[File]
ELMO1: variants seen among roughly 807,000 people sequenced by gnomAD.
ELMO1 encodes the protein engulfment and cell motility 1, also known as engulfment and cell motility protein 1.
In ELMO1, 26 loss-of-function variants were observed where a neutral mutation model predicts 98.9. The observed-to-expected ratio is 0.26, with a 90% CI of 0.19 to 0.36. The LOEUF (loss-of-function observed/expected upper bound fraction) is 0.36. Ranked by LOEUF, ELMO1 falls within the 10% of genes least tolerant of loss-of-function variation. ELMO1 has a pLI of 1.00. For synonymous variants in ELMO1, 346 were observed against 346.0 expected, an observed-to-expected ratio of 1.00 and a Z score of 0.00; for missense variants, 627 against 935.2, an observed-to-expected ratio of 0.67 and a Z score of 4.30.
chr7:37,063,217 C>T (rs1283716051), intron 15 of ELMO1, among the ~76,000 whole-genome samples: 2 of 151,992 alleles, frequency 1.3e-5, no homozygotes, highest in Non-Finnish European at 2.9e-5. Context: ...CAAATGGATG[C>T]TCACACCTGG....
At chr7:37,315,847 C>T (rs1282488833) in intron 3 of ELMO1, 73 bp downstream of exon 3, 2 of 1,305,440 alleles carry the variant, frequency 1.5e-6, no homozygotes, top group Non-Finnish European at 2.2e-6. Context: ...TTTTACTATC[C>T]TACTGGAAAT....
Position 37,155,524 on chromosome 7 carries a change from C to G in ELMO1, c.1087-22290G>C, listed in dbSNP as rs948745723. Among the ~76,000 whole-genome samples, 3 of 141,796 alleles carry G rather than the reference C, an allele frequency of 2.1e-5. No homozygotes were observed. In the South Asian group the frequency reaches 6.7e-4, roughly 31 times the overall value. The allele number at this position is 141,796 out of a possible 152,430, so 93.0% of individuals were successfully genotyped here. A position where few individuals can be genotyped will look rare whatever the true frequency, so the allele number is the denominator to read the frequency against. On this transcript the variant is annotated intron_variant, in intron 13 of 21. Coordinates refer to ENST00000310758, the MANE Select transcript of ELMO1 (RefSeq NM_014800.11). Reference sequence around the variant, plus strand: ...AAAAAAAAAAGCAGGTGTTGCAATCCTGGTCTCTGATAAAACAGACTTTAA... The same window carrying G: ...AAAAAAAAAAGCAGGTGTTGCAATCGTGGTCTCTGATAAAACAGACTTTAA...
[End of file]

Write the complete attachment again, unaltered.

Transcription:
ELMO1: variants seen among roughly 807,000 people sequenced by gnomAD.
ELMO1 encodes the protein engulfment and cell motility 1, also known as engulfment and cell motility protein 1.
In ELMO1, 26 loss-of-function variants were observed where a neutral mutation model predicts 98.9. The observed-to-expected ratio is 0.26, with a 90% CI of 0.19 to 0.36. The LOEUF (loss-of-function observed/expected upper bound fraction) is 0.36. Ranked by LOEUF, ELMO1 falls within the 10% of genes least tolerant of loss-of-function variation. ELMO1 has a pLI of 1.00. For synonymous variants in ELMO1, 346 were observed against 346.0 expected, an observed-to-expected ratio of 1.00 and a Z score of 0.00; for missense variants, 627 against 935.2, an observed-to-expected ratio of 0.67 and a Z score of 4.30.
chr7:37,063,217 C>T (rs1283716051), intron 15 of ELMO1, among the ~76,000 whole-genome samples: 2 of 151,992 alleles, frequency 1.3e-5, no homozygotes, highest in Non-Finnish European at 2.9e-5. Context: ...CAAATGGATG[C>T]TCACACCTGG....
At chr7:37,315,847 C>T (rs1282488833) in intron 3 of ELMO1, 73 bp downstream of exon 3, 2 of 1,305,440 alleles carry the variant, frequency 1.5e-6, no homozygotes, top group Non-Finnish European at 2.2e-6. Context: ...TTTTACTATC[C>T]TACTGGAAAT....
Position 37,155,524 on chromosome 7 carries a change from C to G in ELMO1, c.1087-22290G>C, listed in dbSNP as rs948745723. Among the ~76,000 whole-genome samples, 3 of 141,796 alleles carry G rather than the reference C, an allele frequency of 2.1e-5. No homozygotes were observed. In the South Asian group the frequency reaches 6.7e-4, roughly 31 times the overall value. The allele number at this position is 141,796 out of a possible 152,430, so 93.0% of individuals were successfully genotyped here. A position where few individuals can be genotyped will look rare whatever the true frequency, so the allele number is the denominator to read the frequency against. On this transcript the variant is annotated intron_variant, in intron 13 of 21. Coordinates refer to ENST00000310758, the MANE Select transcript of ELMO1 (RefSeq NM_014800.11). Reference sequence around the variant, plus strand: ...AAAAAAAAAAGCAGGTGTTGCAATCCTGGTCTCTGATAAAACAGACTTTAA... The same window carrying G: ...AAAAAAAAAAGCAGGTGTTGCAATCGTGGTCTCTGATAAAACAGACTTTAA...